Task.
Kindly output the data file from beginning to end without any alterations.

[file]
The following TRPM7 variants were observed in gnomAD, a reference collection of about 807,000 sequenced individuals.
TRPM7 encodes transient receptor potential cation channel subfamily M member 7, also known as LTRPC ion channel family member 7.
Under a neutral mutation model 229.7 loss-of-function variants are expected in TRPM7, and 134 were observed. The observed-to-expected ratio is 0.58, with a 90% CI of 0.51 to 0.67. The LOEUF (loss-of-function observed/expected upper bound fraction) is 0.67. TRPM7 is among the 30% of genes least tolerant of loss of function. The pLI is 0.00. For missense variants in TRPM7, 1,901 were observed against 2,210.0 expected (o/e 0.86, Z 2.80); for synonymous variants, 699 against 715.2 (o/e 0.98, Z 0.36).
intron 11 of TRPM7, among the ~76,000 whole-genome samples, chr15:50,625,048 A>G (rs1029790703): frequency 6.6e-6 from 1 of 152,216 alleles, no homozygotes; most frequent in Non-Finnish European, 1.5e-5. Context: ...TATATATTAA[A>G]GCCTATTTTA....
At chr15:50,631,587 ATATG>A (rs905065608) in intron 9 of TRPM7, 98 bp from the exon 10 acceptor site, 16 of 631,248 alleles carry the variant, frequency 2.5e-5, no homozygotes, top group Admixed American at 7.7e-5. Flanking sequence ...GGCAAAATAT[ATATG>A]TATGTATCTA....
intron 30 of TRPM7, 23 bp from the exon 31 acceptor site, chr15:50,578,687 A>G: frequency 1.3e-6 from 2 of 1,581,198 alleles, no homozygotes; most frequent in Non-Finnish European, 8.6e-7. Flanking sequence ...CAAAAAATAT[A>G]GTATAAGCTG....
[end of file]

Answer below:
The following TRPM7 variants were observed in gnomAD, a reference collection of about 807,000 sequenced individuals.
TRPM7 encodes transient receptor potential cation channel subfamily M member 7, also known as LTRPC ion channel family member 7.
Under a neutral mutation model 229.7 loss-of-function variants are expected in TRPM7, and 134 were observed. The observed-to-expected ratio is 0.58, with a 90% CI of 0.51 to 0.67. The LOEUF (loss-of-function observed/expected upper bound fraction) is 0.67. TRPM7 is among the 30% of genes least tolerant of loss of function. The pLI is 0.00. For missense variants in TRPM7, 1,901 were observed against 2,210.0 expected (o/e 0.86, Z 2.80); for synonymous variants, 699 against 715.2 (o/e 0.98, Z 0.36).
intron 11 of TRPM7, among the ~76,000 whole-genome samples, chr15:50,625,048 A>G (rs1029790703): frequency 6.6e-6 from 1 of 152,216 alleles, no homozygotes; most frequent in Non-Finnish European, 1.5e-5. Context: ...TATATATTAA[A>G]GCCTATTTTA....
At chr15:50,631,587 ATATG>A (rs905065608) in intron 9 of TRPM7, 98 bp from the exon 10 acceptor site, 16 of 631,248 alleles carry the variant, frequency 2.5e-5, no homozygotes, top group Admixed American at 7.7e-5. Flanking sequence ...GGCAAAATAT[ATATG>A]TATGTATCTA....
intron 30 of TRPM7, 23 bp from the exon 31 acceptor site, chr15:50,578,687 A>G: frequency 1.3e-6 from 2 of 1,581,198 alleles, no homozygotes; most frequent in Non-Finnish European, 8.6e-7. Flanking sequence ...CAAAAAATAT[A>G]GTATAAGCTG....